Date & Time: Tuesday, November 2, 2021 from 4:00 p.m. to 5:00 p.m.
Webinar Fee: $35
This program is online only.
Christopher S. Ruhland, Apollo Dispute Resolution, author of the Practising Law Institute treatise Attorney-Client Privilege Answer Book (2021)
In this CLE presentation, Apollo Dispute Resolution partner Christopher Ruhland discusses the attorney-client privilege specifically as it relates to in-house lawyers and their clients. Mr. Ruhland examines the most common myths about the in-house attorney-client privilege as well as best practices for maintaining the privilege in challenging situations.
Mr. Ruhland is a trial lawyer and former in-house counsel at The Walt Disney Company. He teaches trial and pre-trial advocacy techniques to other lawyers and is a frequent author and speaker on civil litigation and intellectual property topics. He also is the author of Attorney-Client Privilege Answer Book (Practising Law Institute), a reference guide for lawyers and clients seeking to understand the most significant privilege in the law.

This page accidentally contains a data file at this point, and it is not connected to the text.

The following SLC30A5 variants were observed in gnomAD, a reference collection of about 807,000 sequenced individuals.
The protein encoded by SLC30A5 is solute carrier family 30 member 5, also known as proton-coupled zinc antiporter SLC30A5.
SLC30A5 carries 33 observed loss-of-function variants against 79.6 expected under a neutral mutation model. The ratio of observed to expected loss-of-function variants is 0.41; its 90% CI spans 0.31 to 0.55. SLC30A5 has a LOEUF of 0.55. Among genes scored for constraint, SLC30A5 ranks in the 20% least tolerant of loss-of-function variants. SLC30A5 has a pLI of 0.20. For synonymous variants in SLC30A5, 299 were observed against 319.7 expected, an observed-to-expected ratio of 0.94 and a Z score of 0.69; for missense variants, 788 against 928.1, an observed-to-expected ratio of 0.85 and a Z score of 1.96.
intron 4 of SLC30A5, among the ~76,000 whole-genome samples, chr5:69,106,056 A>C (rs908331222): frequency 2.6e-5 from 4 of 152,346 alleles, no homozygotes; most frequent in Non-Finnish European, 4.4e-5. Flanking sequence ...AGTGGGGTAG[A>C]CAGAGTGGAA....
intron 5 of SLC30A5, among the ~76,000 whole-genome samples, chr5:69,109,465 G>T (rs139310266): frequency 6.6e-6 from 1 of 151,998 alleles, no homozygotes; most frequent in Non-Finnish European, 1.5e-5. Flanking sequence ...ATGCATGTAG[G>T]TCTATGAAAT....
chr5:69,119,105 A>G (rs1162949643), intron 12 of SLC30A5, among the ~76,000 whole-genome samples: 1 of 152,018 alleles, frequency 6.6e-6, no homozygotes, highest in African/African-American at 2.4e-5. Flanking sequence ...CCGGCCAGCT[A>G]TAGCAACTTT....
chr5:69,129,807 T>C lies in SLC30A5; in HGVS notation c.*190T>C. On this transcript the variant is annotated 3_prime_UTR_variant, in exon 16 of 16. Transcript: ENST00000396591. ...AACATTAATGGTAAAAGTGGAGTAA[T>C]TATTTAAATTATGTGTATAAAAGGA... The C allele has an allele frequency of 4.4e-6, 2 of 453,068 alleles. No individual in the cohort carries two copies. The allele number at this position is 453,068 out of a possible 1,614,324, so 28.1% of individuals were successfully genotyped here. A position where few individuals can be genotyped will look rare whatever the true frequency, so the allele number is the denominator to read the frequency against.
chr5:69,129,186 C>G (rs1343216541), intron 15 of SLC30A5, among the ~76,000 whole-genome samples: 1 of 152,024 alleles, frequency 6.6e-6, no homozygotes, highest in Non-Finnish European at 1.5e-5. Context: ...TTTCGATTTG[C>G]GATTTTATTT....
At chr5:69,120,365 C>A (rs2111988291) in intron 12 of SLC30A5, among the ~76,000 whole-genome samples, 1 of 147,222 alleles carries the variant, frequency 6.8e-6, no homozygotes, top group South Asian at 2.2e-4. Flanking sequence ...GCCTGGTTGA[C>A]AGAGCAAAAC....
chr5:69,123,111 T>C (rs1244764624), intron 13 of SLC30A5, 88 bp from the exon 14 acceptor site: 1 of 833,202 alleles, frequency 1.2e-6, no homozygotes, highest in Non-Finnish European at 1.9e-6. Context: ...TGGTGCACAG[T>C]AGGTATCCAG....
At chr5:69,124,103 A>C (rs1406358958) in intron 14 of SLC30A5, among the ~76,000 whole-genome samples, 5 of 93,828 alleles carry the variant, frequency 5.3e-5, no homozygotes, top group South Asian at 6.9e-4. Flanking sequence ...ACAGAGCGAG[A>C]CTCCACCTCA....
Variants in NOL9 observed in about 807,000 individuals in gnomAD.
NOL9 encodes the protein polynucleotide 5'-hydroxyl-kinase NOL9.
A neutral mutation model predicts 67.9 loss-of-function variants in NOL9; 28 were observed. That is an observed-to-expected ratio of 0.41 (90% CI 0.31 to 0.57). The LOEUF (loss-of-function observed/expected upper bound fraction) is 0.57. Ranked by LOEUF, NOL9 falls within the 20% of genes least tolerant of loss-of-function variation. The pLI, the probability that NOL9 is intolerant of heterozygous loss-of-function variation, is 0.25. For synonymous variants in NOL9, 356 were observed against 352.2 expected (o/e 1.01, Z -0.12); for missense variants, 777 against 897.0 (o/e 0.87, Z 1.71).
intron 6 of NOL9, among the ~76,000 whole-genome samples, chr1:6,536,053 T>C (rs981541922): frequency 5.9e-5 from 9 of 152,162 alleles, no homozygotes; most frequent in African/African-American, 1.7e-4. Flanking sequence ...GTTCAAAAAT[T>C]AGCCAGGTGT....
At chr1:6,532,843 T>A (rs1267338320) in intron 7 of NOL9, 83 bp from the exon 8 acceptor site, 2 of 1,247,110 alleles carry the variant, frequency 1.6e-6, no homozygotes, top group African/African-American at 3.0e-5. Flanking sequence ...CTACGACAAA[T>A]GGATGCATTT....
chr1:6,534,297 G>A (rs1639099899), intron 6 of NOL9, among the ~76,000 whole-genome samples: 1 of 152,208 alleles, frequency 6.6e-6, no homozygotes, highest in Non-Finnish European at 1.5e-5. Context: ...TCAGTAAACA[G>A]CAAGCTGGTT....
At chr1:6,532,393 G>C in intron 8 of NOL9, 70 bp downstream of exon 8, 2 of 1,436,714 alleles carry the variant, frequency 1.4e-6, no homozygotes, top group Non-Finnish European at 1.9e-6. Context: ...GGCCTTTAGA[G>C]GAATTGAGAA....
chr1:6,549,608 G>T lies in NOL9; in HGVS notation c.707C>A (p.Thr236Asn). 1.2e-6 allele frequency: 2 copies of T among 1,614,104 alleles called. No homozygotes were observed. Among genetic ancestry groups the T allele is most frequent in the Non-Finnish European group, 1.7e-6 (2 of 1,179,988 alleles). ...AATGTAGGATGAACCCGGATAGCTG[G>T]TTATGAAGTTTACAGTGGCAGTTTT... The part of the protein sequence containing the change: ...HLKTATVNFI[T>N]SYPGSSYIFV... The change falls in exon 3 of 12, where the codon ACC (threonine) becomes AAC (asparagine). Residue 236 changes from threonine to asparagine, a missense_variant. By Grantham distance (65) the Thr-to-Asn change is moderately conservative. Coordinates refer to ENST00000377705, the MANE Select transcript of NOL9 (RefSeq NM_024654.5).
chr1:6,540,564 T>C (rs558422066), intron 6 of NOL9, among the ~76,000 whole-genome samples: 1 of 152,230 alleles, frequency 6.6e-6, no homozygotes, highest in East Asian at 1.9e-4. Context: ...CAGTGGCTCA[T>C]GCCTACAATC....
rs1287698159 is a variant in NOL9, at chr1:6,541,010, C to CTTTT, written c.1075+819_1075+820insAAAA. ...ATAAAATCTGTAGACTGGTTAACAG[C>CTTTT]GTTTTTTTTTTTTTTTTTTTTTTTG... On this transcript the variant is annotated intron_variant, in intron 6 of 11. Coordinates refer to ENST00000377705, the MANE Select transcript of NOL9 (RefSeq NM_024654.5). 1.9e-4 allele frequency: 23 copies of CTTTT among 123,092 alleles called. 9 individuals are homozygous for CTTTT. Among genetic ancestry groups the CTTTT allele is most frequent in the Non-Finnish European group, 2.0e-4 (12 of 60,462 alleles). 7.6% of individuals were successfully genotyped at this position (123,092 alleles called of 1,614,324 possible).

Online registration is encouraged. For assistance, questions on group discounts, accommodations requests, special billing, program content, out-of-state CLE credits, and general CLE information contact Michael Saporito by email at email@example.com. Registrations accepted in order of receipt. Registration fees are non-refundable. Most Social Law Library CLE events are recorded. The recording is available by digital download, generally within a week after the program date. Most downloads include print material and are $19.95 each. This product purchase is separate from CLE registration and is not included in the price of a CLE registration. CLE credit, when applicable, is only granted when the live webinar is attended.
- When and why do courts deny privilege claims because the lawyer was in-house rather than outside counsel?
- Which corporate employees can have privileged conversations with in-house counsel, and which ones can impede privilege claims?
- What kinds of communications between in-house lawyers and their clients are protected by the privilege, and how can in-house lawyers manage the risk that their communications will be disclosed in litigation?